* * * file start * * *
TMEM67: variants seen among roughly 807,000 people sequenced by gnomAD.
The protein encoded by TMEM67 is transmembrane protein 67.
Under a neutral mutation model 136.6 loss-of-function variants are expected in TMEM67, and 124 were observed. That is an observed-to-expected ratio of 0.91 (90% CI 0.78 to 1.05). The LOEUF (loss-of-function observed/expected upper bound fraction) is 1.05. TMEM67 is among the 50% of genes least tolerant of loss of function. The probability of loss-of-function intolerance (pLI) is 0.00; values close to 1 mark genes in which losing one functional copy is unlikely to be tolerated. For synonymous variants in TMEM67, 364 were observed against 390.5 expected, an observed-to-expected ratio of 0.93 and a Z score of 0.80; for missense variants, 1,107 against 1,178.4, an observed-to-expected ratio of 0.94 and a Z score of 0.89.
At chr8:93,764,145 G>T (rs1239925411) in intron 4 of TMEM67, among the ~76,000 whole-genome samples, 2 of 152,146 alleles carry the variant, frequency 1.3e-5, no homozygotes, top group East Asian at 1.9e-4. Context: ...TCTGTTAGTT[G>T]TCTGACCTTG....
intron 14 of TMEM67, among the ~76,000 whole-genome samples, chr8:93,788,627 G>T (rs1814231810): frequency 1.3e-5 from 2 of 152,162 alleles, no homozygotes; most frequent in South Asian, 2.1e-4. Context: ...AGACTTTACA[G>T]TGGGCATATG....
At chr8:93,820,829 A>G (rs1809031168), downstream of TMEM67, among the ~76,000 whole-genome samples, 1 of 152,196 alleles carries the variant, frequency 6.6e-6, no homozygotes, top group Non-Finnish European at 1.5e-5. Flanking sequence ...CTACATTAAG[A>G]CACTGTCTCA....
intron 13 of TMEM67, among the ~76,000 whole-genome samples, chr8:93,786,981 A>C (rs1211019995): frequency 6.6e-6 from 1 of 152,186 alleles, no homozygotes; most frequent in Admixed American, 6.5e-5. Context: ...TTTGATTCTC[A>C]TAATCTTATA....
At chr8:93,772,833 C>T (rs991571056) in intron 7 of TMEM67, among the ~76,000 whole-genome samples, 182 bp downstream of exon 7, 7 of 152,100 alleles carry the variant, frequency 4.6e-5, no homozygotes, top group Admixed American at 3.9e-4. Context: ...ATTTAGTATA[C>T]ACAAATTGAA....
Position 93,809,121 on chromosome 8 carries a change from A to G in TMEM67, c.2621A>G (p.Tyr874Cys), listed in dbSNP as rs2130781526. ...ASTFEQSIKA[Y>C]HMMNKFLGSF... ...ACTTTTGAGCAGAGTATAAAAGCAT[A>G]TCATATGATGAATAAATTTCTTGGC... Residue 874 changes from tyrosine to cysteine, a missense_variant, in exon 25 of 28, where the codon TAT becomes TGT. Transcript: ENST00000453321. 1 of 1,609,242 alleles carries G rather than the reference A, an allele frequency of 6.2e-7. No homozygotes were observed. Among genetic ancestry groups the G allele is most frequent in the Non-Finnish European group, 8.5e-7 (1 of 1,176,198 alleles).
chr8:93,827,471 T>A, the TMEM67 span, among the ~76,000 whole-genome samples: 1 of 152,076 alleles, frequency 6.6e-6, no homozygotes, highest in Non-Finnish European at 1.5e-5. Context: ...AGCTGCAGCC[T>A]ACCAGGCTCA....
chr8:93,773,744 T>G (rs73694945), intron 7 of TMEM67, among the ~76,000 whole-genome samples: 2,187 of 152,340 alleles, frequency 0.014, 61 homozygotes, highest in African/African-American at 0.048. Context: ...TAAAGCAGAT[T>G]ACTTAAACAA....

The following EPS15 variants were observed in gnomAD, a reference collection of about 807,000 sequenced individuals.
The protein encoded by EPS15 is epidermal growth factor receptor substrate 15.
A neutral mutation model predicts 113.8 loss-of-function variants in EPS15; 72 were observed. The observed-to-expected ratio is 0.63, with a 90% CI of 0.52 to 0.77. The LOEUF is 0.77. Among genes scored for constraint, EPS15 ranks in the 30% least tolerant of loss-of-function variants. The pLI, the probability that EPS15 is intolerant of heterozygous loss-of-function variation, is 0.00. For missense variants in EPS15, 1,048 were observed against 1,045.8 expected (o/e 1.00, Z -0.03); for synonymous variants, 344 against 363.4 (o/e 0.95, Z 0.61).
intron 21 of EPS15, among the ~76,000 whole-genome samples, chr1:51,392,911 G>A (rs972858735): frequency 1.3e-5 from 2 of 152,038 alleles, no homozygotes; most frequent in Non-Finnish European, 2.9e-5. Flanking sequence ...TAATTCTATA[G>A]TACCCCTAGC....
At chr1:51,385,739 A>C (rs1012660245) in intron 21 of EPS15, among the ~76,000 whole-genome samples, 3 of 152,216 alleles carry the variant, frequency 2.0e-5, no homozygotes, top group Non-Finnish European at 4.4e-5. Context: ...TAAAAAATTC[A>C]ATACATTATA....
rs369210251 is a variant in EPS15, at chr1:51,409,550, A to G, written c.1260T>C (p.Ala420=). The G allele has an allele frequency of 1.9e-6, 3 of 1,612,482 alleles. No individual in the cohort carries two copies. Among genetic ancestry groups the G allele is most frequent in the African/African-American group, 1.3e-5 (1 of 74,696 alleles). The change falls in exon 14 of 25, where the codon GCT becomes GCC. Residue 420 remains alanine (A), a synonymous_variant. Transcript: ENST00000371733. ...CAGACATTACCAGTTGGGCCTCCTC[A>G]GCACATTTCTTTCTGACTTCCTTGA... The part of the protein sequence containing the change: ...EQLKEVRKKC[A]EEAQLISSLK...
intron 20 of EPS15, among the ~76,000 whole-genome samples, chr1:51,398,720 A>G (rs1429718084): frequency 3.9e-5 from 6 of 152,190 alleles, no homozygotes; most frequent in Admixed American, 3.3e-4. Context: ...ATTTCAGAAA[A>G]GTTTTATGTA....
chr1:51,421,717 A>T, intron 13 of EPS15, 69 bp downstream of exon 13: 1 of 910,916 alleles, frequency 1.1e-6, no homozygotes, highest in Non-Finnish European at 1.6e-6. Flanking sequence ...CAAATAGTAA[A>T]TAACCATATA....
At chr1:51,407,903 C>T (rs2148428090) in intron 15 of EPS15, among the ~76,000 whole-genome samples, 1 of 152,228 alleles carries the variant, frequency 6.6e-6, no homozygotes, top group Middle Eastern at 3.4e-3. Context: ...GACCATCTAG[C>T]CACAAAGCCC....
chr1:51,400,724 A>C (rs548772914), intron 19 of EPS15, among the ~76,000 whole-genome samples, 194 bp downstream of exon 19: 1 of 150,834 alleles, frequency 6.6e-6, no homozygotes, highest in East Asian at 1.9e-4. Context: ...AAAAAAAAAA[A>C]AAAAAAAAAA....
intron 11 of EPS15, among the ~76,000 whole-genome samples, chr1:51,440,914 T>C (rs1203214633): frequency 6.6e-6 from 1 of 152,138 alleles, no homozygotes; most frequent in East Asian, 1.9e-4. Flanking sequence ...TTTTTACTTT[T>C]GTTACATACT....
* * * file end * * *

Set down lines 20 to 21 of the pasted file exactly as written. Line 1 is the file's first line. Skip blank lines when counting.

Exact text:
At chr1:51,407,903 C>T (rs2148428090) in intron 15 of EPS15, among the ~76,000 whole-genome samples, 1 of 152,228 alleles carries the variant, frequency 6.6e-6, no homozygotes, top group Middle Eastern at 3.4e-3. Context: ...GACCATCTAG[C>T]CACAAAGCCC....
chr1:51,400,724 A>C (rs548772914), intron 19 of EPS15, among the ~76,000 whole-genome samples, 194 bp downstream of exon 19: 1 of 150,834 alleles, frequency 6.6e-6, no homozygotes, highest in East Asian at 1.9e-4. Context: ...AAAAAAAAAA[A>C]AAAAAAAAAA....